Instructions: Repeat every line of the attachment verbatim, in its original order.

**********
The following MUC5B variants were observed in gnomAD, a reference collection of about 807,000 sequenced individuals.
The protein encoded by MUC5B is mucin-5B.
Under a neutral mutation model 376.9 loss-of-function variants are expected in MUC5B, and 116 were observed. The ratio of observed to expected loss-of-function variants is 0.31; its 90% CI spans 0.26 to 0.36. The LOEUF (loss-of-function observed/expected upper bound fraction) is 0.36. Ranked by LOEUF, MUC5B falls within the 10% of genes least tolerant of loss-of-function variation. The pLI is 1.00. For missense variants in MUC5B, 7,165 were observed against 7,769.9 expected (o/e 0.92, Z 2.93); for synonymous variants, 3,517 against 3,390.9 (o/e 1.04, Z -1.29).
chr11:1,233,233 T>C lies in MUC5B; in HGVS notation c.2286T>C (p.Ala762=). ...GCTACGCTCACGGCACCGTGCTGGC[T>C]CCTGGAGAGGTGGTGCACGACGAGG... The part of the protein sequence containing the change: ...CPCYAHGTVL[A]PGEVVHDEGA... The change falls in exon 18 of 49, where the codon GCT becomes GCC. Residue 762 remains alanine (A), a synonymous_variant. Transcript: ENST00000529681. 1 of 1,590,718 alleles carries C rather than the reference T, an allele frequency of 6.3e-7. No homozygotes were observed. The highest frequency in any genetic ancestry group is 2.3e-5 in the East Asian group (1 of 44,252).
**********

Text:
The following MUC5B variants were observed in gnomAD, a reference collection of about 807,000 sequenced individuals.
The protein encoded by MUC5B is mucin-5B.
Under a neutral mutation model 376.9 loss-of-function variants are expected in MUC5B, and 116 were observed. The ratio of observed to expected loss-of-function variants is 0.31; its 90% CI spans 0.26 to 0.36. The LOEUF (loss-of-function observed/expected upper bound fraction) is 0.36. Ranked by LOEUF, MUC5B falls within the 10% of genes least tolerant of loss-of-function variation. The pLI is 1.00. For missense variants in MUC5B, 7,165 were observed against 7,769.9 expected (o/e 0.92, Z 2.93); for synonymous variants, 3,517 against 3,390.9 (o/e 1.04, Z -1.29).
chr11:1,233,233 T>C lies in MUC5B; in HGVS notation c.2286T>C (p.Ala762=). ...GCTACGCTCACGGCACCGTGCTGGC[T>C]CCTGGAGAGGTGGTGCACGACGAGG... The part of the protein sequence containing the change: ...CPCYAHGTVL[A]PGEVVHDEGA... The change falls in exon 18 of 49, where the codon GCT becomes GCC. Residue 762 remains alanine (A), a synonymous_variant. Transcript: ENST00000529681. 1 of 1,590,718 alleles carries C rather than the reference T, an allele frequency of 6.3e-7. No homozygotes were observed. The highest frequency in any genetic ancestry group is 2.3e-5 in the East Asian group (1 of 44,252).